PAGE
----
A novel approach in cancer immunotherapy: natural killer cells expressing T cell receptors
Parlar, Ayhan (2017) A novel approach in cancer immunotherapy: natural killer cells expressing T cell receptors. [Thesis]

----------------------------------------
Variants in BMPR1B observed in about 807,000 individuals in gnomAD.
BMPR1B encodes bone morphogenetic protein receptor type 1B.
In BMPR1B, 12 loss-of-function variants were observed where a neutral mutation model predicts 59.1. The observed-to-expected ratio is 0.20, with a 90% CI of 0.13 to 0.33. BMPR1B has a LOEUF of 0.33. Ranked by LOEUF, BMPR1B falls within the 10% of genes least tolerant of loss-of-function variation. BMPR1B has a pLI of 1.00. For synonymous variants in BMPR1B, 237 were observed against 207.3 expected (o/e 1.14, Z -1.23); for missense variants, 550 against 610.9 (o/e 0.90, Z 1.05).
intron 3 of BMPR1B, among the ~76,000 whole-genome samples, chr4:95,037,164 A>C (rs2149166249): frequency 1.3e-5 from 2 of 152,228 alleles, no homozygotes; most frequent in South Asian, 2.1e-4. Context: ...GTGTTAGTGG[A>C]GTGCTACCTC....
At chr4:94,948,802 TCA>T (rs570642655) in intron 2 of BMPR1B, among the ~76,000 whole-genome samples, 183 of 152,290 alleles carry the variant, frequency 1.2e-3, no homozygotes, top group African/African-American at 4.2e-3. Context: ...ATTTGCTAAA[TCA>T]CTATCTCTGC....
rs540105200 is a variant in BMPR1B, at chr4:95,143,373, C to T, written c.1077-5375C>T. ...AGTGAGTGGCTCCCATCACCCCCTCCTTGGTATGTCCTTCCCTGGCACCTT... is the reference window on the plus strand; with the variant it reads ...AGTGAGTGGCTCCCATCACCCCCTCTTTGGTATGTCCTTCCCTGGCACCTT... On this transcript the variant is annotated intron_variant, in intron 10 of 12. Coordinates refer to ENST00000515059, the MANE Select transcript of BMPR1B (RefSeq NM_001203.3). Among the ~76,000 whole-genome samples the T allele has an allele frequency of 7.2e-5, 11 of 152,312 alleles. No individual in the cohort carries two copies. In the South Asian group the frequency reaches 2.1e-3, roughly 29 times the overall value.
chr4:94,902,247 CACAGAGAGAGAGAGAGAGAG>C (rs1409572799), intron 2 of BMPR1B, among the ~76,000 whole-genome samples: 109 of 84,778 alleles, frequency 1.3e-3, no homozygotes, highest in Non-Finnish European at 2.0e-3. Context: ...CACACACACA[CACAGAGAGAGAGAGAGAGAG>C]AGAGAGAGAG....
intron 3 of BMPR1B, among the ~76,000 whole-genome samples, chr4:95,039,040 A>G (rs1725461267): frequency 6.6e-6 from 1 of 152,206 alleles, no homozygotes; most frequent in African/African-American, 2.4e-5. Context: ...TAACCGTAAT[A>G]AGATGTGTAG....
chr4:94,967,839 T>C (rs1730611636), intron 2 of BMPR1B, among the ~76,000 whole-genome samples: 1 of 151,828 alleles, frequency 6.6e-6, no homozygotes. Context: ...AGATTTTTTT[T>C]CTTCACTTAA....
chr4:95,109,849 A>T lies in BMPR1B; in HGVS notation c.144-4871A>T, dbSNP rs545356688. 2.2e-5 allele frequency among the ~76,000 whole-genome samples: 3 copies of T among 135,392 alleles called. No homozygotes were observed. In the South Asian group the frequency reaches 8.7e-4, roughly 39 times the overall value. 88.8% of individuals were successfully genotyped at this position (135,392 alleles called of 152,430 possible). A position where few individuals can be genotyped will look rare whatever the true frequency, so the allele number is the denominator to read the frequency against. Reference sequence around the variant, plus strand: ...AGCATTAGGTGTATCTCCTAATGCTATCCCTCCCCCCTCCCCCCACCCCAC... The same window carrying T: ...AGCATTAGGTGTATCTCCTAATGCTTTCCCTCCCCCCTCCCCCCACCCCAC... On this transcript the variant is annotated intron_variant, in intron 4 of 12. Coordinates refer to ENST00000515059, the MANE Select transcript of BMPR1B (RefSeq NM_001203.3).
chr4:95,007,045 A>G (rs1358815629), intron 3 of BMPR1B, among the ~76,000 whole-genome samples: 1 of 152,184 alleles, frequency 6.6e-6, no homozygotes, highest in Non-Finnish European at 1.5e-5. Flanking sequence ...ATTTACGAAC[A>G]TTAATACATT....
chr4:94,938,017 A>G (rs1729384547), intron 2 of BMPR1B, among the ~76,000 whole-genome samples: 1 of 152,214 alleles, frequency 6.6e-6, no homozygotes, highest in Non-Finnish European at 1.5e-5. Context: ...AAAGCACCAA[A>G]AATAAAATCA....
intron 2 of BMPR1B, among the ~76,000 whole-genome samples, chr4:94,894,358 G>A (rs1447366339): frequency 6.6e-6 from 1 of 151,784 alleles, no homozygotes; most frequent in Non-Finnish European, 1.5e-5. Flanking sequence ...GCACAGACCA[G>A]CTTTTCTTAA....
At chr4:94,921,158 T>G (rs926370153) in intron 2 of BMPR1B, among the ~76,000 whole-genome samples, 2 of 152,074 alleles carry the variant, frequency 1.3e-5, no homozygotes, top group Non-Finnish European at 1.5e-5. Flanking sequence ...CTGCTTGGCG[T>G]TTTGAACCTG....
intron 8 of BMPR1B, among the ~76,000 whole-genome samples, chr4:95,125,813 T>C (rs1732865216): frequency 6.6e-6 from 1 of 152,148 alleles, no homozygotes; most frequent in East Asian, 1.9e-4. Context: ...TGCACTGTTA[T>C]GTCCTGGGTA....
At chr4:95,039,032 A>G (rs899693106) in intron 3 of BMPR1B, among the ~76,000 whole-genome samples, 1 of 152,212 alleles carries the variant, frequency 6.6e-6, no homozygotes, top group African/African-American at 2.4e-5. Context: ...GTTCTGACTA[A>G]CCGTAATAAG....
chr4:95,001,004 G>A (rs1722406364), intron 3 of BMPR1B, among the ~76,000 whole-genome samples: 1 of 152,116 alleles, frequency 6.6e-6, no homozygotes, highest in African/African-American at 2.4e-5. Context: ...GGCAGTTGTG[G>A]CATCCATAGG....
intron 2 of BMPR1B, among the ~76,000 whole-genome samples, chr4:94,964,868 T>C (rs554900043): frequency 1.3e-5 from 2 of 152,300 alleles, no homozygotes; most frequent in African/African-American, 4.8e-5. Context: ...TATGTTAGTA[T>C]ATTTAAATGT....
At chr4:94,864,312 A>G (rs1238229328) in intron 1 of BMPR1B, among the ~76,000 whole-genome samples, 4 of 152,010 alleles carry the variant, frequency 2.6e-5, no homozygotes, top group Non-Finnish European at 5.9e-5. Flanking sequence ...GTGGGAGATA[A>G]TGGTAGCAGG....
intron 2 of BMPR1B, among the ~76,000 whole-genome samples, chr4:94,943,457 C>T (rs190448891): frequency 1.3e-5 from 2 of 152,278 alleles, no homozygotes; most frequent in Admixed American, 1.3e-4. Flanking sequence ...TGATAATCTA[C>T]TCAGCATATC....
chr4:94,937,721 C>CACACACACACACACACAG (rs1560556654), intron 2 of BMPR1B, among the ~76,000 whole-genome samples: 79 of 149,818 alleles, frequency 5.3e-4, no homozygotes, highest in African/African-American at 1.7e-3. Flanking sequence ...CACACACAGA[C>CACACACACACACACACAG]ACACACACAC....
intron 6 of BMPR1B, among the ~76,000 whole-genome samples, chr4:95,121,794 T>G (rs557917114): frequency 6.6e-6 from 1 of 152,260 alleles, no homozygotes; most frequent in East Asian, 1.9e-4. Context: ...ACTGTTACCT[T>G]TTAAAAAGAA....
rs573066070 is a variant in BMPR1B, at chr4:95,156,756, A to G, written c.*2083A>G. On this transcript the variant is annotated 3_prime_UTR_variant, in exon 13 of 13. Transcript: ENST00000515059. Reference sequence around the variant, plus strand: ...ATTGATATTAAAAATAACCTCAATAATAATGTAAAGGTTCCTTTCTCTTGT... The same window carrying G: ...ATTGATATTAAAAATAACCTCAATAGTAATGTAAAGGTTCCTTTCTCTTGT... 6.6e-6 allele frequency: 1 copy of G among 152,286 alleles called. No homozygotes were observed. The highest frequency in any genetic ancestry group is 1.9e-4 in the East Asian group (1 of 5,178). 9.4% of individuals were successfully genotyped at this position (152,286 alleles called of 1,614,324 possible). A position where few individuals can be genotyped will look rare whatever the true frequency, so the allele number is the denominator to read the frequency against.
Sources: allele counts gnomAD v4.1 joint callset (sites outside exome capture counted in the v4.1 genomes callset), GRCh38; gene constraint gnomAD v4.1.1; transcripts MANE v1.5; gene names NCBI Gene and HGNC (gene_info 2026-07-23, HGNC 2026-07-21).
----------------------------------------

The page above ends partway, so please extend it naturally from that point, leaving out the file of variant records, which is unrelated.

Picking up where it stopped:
T cell receptor (TCR) gene therapy is developed to redirect cytotoxic T cells towards selected epitopes of tumor antigens. However, due to the heterodimeric nature of the TCR molecule, alpha and beta chains introduced by gene delivery have a risk of pairing with the endogenously expressed complementary alpha or beta chains in the T cell. This phenomenon named as “mispairing” gives rise to TCRs of unpredictable specificity and causes potentially lethal side effects. Natural killer (NK) cells were discovered 40 years ago, by their ability to recognize and kill tumor cells without the requirement of prior immunization or stimulation. Since then, NK cells have grown to be promising agents for adoptive immunotherapy of cancer. In the last decade, several NK cell based anti-cancer products have been taken to clinical trials with promising results. However, to manufacture more efficient NK cell therapy products, it is essential to develop novel strategies to increase safety, efficiency and specificity with approaches such as retargeting NK cells against specific antigens which to date has only been possible with chimeric antigen receptors (CARs). In this thesis, we propose to use NK cells for TCR gene therapy aiming to reprogram them to selectively target tumor or virus antigens in complex with major histocompatibility complex. Our results convincingly demonstrate that the introduction of a functional TCR complex to NK cells via lentiviral gene transfer dramatically enhances the efficiency to mount antigen-specific cytotoxic activity. To our knowledge, the transfer of a TCR into an NK cell has never been reported before. Our strategy does not only have the potential to open up a whole new chapter in the field of cancer immunotherapy but also provides a final and definitive solution for the mispairing problem observed in TCR gene therapy.
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